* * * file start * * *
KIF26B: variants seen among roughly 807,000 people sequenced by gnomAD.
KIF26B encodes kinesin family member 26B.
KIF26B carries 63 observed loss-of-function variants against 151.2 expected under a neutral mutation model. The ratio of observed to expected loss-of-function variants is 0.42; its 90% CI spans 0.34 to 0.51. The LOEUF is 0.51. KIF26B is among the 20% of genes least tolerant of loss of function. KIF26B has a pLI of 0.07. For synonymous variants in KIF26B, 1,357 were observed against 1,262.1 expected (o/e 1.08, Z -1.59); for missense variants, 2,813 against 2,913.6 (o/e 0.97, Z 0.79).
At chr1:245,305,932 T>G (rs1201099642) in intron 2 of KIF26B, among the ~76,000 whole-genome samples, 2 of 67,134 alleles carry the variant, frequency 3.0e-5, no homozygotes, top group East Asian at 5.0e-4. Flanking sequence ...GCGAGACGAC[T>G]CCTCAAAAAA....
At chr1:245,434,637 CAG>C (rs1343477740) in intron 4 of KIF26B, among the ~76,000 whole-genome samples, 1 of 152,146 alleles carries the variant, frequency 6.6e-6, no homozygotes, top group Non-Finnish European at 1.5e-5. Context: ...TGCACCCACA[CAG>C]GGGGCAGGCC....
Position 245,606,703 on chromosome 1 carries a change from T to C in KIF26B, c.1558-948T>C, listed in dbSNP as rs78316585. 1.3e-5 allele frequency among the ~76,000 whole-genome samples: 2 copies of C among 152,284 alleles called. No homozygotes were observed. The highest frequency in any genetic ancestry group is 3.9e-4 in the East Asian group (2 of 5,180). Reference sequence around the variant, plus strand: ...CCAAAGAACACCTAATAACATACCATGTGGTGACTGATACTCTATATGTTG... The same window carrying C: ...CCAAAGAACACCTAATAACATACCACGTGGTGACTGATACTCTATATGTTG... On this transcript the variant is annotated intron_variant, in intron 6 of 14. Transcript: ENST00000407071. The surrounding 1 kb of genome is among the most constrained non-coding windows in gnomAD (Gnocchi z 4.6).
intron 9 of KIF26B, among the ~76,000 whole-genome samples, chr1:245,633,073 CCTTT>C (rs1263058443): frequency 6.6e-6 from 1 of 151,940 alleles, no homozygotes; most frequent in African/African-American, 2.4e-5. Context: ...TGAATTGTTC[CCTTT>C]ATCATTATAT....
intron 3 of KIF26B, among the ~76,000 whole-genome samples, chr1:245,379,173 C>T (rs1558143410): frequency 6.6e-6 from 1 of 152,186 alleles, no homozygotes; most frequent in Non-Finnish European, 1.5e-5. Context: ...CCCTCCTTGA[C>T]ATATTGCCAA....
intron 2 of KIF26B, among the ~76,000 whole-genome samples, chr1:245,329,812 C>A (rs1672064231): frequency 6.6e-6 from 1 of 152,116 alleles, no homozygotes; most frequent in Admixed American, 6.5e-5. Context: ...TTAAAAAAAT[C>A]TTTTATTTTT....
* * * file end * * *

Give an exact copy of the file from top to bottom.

KIF26B: variants seen among roughly 807,000 people sequenced by gnomAD.
KIF26B encodes kinesin family member 26B.
KIF26B carries 63 observed loss-of-function variants against 151.2 expected under a neutral mutation model. The ratio of observed to expected loss-of-function variants is 0.42; its 90% CI spans 0.34 to 0.51. The LOEUF is 0.51. KIF26B is among the 20% of genes least tolerant of loss of function. KIF26B has a pLI of 0.07. For synonymous variants in KIF26B, 1,357 were observed against 1,262.1 expected (o/e 1.08, Z -1.59); for missense variants, 2,813 against 2,913.6 (o/e 0.97, Z 0.79).
At chr1:245,305,932 T>G (rs1201099642) in intron 2 of KIF26B, among the ~76,000 whole-genome samples, 2 of 67,134 alleles carry the variant, frequency 3.0e-5, no homozygotes, top group East Asian at 5.0e-4. Flanking sequence ...GCGAGACGAC[T>G]CCTCAAAAAA....
At chr1:245,434,637 CAG>C (rs1343477740) in intron 4 of KIF26B, among the ~76,000 whole-genome samples, 1 of 152,146 alleles carries the variant, frequency 6.6e-6, no homozygotes, top group Non-Finnish European at 1.5e-5. Context: ...TGCACCCACA[CAG>C]GGGGCAGGCC....
Position 245,606,703 on chromosome 1 carries a change from T to C in KIF26B, c.1558-948T>C, listed in dbSNP as rs78316585. 1.3e-5 allele frequency among the ~76,000 whole-genome samples: 2 copies of C among 152,284 alleles called. No homozygotes were observed. The highest frequency in any genetic ancestry group is 3.9e-4 in the East Asian group (2 of 5,180). Reference sequence around the variant, plus strand: ...CCAAAGAACACCTAATAACATACCATGTGGTGACTGATACTCTATATGTTG... The same window carrying C: ...CCAAAGAACACCTAATAACATACCACGTGGTGACTGATACTCTATATGTTG... On this transcript the variant is annotated intron_variant, in intron 6 of 14. Transcript: ENST00000407071. The surrounding 1 kb of genome is among the most constrained non-coding windows in gnomAD (Gnocchi z 4.6).
intron 9 of KIF26B, among the ~76,000 whole-genome samples, chr1:245,633,073 CCTTT>C (rs1263058443): frequency 6.6e-6 from 1 of 151,940 alleles, no homozygotes; most frequent in African/African-American, 2.4e-5. Context: ...TGAATTGTTC[CCTTT>C]ATCATTATAT....
intron 3 of KIF26B, among the ~76,000 whole-genome samples, chr1:245,379,173 C>T (rs1558143410): frequency 6.6e-6 from 1 of 152,186 alleles, no homozygotes; most frequent in Non-Finnish European, 1.5e-5. Context: ...CCCTCCTTGA[C>T]ATATTGCCAA....
intron 2 of KIF26B, among the ~76,000 whole-genome samples, chr1:245,329,812 C>A (rs1672064231): frequency 6.6e-6 from 1 of 152,116 alleles, no homozygotes; most frequent in Admixed American, 6.5e-5. Context: ...TTAAAAAAAT[C>A]TTTTATTTTT....